Central sensitization and altered central pain processing in chronic low back pain: fact or myth?

Abstract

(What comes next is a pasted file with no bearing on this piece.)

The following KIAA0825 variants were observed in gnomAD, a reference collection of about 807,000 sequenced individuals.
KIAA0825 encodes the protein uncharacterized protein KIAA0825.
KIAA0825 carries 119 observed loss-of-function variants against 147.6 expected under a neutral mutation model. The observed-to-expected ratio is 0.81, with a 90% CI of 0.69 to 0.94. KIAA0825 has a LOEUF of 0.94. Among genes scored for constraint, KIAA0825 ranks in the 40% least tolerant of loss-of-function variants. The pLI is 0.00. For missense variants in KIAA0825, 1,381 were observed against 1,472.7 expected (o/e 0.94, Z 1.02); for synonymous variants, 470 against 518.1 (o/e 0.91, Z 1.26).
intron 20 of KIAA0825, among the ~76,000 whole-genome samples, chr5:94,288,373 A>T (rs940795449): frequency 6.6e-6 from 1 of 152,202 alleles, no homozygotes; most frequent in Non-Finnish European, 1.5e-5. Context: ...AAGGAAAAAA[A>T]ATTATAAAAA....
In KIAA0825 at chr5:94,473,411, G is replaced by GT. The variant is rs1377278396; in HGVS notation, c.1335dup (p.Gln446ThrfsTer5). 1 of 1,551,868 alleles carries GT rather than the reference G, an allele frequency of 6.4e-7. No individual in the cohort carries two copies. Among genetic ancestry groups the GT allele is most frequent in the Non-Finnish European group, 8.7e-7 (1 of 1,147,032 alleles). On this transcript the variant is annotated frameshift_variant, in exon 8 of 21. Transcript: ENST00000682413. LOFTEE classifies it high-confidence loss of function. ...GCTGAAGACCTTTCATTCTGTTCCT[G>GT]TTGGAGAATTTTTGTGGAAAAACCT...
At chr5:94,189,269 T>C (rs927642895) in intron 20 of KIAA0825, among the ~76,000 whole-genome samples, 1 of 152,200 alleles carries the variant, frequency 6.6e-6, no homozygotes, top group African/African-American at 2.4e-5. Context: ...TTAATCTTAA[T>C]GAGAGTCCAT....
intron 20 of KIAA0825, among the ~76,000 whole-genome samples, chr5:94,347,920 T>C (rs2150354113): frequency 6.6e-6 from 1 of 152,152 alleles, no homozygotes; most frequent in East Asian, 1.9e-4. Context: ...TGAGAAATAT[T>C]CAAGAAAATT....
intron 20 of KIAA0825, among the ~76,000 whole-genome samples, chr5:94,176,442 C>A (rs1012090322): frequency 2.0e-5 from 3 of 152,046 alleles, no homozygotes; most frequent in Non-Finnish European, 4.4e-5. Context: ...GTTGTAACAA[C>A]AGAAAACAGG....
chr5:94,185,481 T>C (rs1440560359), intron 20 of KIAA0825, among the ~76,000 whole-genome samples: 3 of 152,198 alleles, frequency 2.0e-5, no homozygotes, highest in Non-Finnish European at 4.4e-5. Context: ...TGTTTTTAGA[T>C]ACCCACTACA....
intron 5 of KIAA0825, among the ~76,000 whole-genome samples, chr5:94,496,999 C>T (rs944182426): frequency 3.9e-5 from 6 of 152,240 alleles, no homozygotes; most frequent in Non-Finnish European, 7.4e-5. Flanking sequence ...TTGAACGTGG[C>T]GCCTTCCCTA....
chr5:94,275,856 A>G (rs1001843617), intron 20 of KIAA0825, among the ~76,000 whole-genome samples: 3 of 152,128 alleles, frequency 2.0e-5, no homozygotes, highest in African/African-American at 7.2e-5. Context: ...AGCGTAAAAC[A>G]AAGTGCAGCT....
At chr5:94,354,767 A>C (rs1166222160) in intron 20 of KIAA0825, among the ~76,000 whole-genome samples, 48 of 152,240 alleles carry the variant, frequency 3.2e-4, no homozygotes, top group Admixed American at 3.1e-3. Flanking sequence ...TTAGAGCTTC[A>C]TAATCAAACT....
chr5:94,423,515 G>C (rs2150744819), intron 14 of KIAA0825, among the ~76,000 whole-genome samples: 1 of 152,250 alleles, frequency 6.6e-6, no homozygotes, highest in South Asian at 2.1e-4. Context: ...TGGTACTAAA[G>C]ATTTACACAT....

OBJECTIVE The purpose of this narrative review is to analyze the available literature concerning central sensitization and altered central pain processing in patients with chronic low back pain (LBP). METHODS Literature was screened using several electronic search databases. Additional literature was obtained by reference tracking and expert consultation. Studies evaluating central pain processing in conservatively treated patients with chronic LBP were included. RESULTS Results of studies examining the responsiveness to various stimuli in patients with chronic LBP are conflicting. Some studies in patients with chronic LBP have demonstrated exaggerated pain responses after sensory stimulation of locations outside the painful region, while other studies report no differences between patients and healthy subjects. Studies examining the integrity of the endogenous pain inhibitory systems report unaltered activity of this descending inhibitory system. In contrast, studies analyzing brain structure and function in relation to (experimentally induced) pain provide preliminary evidence for altered central nociceptive processing in patients with chronic LBP. Finally, also psychosocial characteristics, such as inappropriate beliefs about pain, pain catastrophizing, and/or depression may contribute to the mechanisms of central sensitization. CONCLUSIONS It tempting to speculate that ongoing nociception is associated with cortical and subcortical reorganization and may play an important role in the process of the chronification of LBP. Future prospective research should explore to what extent these changes are reversible and if this reversibility is associated with improved functioning of patients.

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